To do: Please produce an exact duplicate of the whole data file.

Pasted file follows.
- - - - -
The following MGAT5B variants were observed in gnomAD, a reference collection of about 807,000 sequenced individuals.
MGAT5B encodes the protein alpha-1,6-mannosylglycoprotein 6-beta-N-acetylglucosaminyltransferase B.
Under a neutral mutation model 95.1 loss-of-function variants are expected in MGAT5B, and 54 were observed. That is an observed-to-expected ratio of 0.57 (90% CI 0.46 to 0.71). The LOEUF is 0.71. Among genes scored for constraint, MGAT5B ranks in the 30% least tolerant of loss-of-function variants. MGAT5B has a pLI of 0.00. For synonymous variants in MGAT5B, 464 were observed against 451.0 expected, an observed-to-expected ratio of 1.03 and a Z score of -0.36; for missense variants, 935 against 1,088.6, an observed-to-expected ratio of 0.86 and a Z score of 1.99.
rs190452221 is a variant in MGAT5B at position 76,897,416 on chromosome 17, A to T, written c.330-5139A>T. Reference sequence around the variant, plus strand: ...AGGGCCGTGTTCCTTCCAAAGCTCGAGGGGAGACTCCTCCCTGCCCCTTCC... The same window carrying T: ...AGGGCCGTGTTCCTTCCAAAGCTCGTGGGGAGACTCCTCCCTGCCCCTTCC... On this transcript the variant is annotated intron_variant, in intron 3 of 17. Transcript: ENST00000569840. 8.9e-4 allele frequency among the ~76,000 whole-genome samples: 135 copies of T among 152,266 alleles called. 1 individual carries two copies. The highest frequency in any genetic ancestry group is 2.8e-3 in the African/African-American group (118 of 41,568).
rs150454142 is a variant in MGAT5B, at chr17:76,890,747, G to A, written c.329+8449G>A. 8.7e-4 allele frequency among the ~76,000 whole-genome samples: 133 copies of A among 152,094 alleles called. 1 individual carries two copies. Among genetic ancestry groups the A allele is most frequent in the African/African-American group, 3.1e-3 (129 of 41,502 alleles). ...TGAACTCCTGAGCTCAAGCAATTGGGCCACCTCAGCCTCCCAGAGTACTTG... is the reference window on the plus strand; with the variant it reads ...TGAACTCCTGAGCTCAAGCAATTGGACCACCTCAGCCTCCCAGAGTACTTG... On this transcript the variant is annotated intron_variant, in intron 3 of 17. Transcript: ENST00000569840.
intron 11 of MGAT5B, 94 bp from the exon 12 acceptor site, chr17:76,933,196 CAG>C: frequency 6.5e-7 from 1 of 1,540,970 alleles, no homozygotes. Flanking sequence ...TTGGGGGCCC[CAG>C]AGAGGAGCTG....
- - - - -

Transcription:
The following MGAT5B variants were observed in gnomAD, a reference collection of about 807,000 sequenced individuals.
MGAT5B encodes the protein alpha-1,6-mannosylglycoprotein 6-beta-N-acetylglucosaminyltransferase B.
Under a neutral mutation model 95.1 loss-of-function variants are expected in MGAT5B, and 54 were observed. That is an observed-to-expected ratio of 0.57 (90% CI 0.46 to 0.71). The LOEUF is 0.71. Among genes scored for constraint, MGAT5B ranks in the 30% least tolerant of loss-of-function variants. MGAT5B has a pLI of 0.00. For synonymous variants in MGAT5B, 464 were observed against 451.0 expected, an observed-to-expected ratio of 1.03 and a Z score of -0.36; for missense variants, 935 against 1,088.6, an observed-to-expected ratio of 0.86 and a Z score of 1.99.
rs190452221 is a variant in MGAT5B at position 76,897,416 on chromosome 17, A to T, written c.330-5139A>T. Reference sequence around the variant, plus strand: ...AGGGCCGTGTTCCTTCCAAAGCTCGAGGGGAGACTCCTCCCTGCCCCTTCC... The same window carrying T: ...AGGGCCGTGTTCCTTCCAAAGCTCGTGGGGAGACTCCTCCCTGCCCCTTCC... On this transcript the variant is annotated intron_variant, in intron 3 of 17. Transcript: ENST00000569840. 8.9e-4 allele frequency among the ~76,000 whole-genome samples: 135 copies of T among 152,266 alleles called. 1 individual carries two copies. The highest frequency in any genetic ancestry group is 2.8e-3 in the African/African-American group (118 of 41,568).
rs150454142 is a variant in MGAT5B, at chr17:76,890,747, G to A, written c.329+8449G>A. 8.7e-4 allele frequency among the ~76,000 whole-genome samples: 133 copies of A among 152,094 alleles called. 1 individual carries two copies. Among genetic ancestry groups the A allele is most frequent in the African/African-American group, 3.1e-3 (129 of 41,502 alleles). ...TGAACTCCTGAGCTCAAGCAATTGGGCCACCTCAGCCTCCCAGAGTACTTG... is the reference window on the plus strand; with the variant it reads ...TGAACTCCTGAGCTCAAGCAATTGGACCACCTCAGCCTCCCAGAGTACTTG... On this transcript the variant is annotated intron_variant, in intron 3 of 17. Transcript: ENST00000569840.
intron 11 of MGAT5B, 94 bp from the exon 12 acceptor site, chr17:76,933,196 CAG>C: frequency 6.5e-7 from 1 of 1,540,970 alleles, no homozygotes. Flanking sequence ...TTGGGGGCCC[CAG>C]AGAGGAGCTG....